Demand for Stirling’s freezer engines — the core component of their upright, under-the-counter and portable freezers — has soared, and the estimated waiting time for new orders is six to eight weeks, the company said. On Dec. 8, after multiple prospective investors studied the company’s financial metrics in a due diligence process, Stirling received a capital injection of an undisclosed amount that it planned to use to buy new equipment and expand production.
In October, Blackstone, the private equity giant, invested $275 million in Cryoport, a Nashville company that specializes in shipping sensitive medical materials at freezing temperatures. Investors have also been bullish on Ember, the beverage-heating company that has developed a refrigerated medical shipping box with built-in GPS and already counts two Jonas Brothers and the Brooklyn Nets forward Kevin Durant as shareholders.
The European Central Bank said Tuesday that it would allow banks to resume limited payouts to shareholders, an indication that regulators are slightly less worried that the pandemic will set off a financial meltdown.
Since March, the central bank has been pressuring commercial banks to stockpile cash to deal with possible losses stemming from the devastating impact on the eurozone economy caused by the pandemic.
Banks can begin paying dividends again after consulting with regulators, the European Central Bank said in a statement on Tuesday, but it set strict limits on how much they can pay out as a percentage of profit and capital. The limits will remain in effect until at least the end of September 2021.
Still, the end of the dividend moratorium, which was technically a recommendation, is a sign that the banking system and the eurozone economy are inching toward normalcy.
“In revising its recommendation, the E.C.B. acknowledges the reduced uncertainty in macroeconomic projections,” the central bank said. An analysis earlier this year “confirmed the resilience of the European banking sector,” it said.
The economic crisis has forced most banks to set aside large sums to cover losses from borrowers who lost their jobs and businesses that suffered severe declines in sales. But there have been no major bank failures as a result of the pandemic, in part because regulators have forced lenders to stockpile capital in recent years and take less risk.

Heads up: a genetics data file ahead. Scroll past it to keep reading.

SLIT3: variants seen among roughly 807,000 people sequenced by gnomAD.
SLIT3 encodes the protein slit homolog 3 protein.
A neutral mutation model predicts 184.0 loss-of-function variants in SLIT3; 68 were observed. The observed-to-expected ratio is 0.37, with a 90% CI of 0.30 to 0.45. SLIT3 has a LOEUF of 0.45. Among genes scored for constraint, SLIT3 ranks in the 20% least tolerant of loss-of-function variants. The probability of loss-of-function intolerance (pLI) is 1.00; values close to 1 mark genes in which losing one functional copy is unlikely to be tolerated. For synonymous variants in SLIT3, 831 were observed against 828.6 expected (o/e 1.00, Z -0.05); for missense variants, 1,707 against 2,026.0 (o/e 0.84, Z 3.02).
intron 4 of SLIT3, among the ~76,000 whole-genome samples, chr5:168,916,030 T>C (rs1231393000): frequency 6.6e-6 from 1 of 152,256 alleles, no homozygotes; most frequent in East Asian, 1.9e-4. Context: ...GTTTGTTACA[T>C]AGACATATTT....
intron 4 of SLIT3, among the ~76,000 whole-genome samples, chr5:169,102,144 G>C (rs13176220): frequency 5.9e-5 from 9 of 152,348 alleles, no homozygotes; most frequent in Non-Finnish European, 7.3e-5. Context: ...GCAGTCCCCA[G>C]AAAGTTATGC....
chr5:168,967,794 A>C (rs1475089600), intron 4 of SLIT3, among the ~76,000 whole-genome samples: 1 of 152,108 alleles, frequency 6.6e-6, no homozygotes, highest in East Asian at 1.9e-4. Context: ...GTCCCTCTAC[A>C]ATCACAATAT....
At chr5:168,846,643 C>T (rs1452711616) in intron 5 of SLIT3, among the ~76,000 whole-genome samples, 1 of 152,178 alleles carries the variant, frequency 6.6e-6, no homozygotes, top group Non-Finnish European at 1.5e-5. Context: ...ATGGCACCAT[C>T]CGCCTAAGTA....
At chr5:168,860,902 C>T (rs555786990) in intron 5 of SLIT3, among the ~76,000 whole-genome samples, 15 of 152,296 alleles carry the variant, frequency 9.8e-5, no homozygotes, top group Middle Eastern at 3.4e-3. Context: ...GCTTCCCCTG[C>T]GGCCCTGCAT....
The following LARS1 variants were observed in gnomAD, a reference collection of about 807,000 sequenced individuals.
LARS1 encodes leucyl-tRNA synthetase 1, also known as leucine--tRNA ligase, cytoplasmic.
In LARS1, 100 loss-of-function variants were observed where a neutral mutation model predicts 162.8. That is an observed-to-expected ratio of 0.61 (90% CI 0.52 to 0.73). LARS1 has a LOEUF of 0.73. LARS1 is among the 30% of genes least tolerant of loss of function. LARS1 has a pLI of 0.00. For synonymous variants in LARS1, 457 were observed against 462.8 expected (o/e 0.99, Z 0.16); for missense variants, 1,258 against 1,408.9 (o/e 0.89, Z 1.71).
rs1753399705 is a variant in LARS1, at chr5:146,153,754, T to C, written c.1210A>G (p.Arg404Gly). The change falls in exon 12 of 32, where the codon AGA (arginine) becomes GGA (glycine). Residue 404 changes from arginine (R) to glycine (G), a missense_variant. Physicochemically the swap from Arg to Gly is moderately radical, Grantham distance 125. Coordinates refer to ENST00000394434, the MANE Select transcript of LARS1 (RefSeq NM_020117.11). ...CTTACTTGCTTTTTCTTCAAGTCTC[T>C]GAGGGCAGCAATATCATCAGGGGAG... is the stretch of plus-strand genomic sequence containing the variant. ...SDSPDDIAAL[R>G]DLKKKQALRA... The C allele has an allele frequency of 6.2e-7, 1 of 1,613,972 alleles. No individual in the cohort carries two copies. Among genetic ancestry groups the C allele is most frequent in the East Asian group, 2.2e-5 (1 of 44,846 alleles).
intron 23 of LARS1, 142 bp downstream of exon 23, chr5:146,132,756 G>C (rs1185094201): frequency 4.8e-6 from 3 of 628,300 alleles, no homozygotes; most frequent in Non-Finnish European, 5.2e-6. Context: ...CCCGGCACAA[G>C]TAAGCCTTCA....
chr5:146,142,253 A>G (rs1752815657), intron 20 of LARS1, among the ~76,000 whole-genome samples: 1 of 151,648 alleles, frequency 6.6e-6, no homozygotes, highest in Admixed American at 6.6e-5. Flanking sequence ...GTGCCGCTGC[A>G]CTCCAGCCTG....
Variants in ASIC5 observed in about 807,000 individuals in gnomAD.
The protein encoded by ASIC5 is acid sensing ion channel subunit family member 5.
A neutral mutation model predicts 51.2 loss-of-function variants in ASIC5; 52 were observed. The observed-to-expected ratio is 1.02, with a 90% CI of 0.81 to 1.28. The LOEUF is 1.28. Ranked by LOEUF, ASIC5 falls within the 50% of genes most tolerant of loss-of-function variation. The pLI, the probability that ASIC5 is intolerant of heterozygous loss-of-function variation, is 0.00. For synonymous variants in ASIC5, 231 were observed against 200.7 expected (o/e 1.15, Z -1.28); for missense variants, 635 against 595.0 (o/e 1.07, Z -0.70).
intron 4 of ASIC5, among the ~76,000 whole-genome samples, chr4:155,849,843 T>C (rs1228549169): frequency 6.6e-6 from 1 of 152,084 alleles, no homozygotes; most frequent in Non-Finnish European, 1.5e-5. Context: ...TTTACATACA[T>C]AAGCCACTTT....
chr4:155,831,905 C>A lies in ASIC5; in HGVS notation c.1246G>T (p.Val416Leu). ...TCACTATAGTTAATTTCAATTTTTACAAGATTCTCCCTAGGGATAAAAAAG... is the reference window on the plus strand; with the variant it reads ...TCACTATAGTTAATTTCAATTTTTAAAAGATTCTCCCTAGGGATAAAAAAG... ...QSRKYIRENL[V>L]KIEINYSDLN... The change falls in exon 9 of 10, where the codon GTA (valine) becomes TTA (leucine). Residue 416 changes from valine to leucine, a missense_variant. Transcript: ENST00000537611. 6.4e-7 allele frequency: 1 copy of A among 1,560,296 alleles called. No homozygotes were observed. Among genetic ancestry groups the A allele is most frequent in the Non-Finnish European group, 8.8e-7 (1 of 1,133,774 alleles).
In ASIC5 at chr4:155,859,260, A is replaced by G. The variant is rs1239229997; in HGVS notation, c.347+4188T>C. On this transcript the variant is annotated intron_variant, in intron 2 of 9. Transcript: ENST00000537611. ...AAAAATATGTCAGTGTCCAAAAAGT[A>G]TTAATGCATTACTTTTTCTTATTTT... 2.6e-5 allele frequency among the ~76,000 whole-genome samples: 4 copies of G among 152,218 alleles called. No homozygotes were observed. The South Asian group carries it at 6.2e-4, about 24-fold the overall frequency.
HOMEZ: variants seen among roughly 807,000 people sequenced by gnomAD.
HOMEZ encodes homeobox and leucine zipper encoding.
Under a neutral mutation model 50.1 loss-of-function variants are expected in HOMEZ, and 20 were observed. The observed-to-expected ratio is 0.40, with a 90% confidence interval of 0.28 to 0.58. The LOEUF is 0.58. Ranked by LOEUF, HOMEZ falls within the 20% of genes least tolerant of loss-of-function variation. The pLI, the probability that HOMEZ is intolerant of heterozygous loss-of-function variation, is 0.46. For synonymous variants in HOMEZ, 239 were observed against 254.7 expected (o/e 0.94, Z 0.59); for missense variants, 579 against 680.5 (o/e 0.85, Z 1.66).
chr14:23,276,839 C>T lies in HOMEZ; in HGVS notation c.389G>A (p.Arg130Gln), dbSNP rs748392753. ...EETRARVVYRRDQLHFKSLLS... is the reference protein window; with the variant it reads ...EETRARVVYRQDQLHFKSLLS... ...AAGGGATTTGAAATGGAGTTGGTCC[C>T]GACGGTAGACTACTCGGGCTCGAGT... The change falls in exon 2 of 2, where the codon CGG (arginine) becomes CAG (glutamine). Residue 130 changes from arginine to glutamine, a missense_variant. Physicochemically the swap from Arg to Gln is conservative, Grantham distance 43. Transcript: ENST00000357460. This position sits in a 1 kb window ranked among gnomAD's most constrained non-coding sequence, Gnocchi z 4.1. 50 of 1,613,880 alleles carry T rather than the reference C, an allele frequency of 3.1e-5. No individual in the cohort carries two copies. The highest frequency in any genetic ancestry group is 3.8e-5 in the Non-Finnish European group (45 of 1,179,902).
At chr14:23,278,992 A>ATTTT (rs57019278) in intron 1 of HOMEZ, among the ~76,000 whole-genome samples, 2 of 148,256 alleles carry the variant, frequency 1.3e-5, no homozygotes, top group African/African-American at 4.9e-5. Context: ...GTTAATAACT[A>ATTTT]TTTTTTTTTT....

The central bank said that lenders should discuss dividend payments with regulators beforehand, and it cautioned banks to exercise “extreme moderation” in bonuses and other payouts to executives.
The European Central Bank is responsible for supervising banks in the eurozone that are considered big enough or important enough to set off a financial crisis. The bank said Tuesday that national regulators should apply the same standards to the smaller banks under their purview.
The economic upheaval caused by the pandemic is making this a very unusual holiday season.
Millions have lost jobs and face the imminent loss of federal unemployment benefits. For many, plans for travel and shopping outings have been upended because of health restrictions or financial hardship. For those with the opportunity to take on extra hours or seasonal work, there may be an incentive to do so.
How are you celebrating differently this year? What economic or personal choices have you had to make in observing the holidays? Are you cutting back on meals — or adjusting your charitable giving? We’d like to know about your situation and your plans.